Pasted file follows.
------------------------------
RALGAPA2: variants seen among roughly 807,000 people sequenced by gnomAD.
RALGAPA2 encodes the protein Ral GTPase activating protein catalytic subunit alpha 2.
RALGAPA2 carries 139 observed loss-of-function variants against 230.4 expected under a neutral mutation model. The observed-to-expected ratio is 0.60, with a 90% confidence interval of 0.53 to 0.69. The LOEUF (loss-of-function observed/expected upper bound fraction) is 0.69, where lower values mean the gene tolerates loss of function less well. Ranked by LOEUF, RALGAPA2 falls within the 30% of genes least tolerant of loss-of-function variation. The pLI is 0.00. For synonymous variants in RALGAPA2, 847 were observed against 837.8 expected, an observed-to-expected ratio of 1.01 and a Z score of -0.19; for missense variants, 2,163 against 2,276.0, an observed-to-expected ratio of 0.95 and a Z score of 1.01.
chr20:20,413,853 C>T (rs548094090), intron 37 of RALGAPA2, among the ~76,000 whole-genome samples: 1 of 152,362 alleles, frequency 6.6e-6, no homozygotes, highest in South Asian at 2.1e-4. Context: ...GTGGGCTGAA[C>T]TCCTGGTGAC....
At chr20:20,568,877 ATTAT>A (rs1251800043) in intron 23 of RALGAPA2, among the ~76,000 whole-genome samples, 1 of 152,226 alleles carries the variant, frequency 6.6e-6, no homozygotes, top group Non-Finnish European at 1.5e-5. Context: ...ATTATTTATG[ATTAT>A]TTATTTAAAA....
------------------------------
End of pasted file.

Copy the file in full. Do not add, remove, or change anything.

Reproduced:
RALGAPA2: variants seen among roughly 807,000 people sequenced by gnomAD.
RALGAPA2 encodes the protein Ral GTPase activating protein catalytic subunit alpha 2.
RALGAPA2 carries 139 observed loss-of-function variants against 230.4 expected under a neutral mutation model. The observed-to-expected ratio is 0.60, with a 90% confidence interval of 0.53 to 0.69. The LOEUF (loss-of-function observed/expected upper bound fraction) is 0.69, where lower values mean the gene tolerates loss of function less well. Ranked by LOEUF, RALGAPA2 falls within the 30% of genes least tolerant of loss-of-function variation. The pLI is 0.00. For synonymous variants in RALGAPA2, 847 were observed against 837.8 expected, an observed-to-expected ratio of 1.01 and a Z score of -0.19; for missense variants, 2,163 against 2,276.0, an observed-to-expected ratio of 0.95 and a Z score of 1.01.
chr20:20,413,853 C>T (rs548094090), intron 37 of RALGAPA2, among the ~76,000 whole-genome samples: 1 of 152,362 alleles, frequency 6.6e-6, no homozygotes, highest in South Asian at 2.1e-4. Context: ...GTGGGCTGAA[C>T]TCCTGGTGAC....
At chr20:20,568,877 ATTAT>A (rs1251800043) in intron 23 of RALGAPA2, among the ~76,000 whole-genome samples, 1 of 152,226 alleles carries the variant, frequency 6.6e-6, no homozygotes, top group Non-Finnish European at 1.5e-5. Context: ...ATTATTTATG[ATTAT>A]TTATTTAAAA....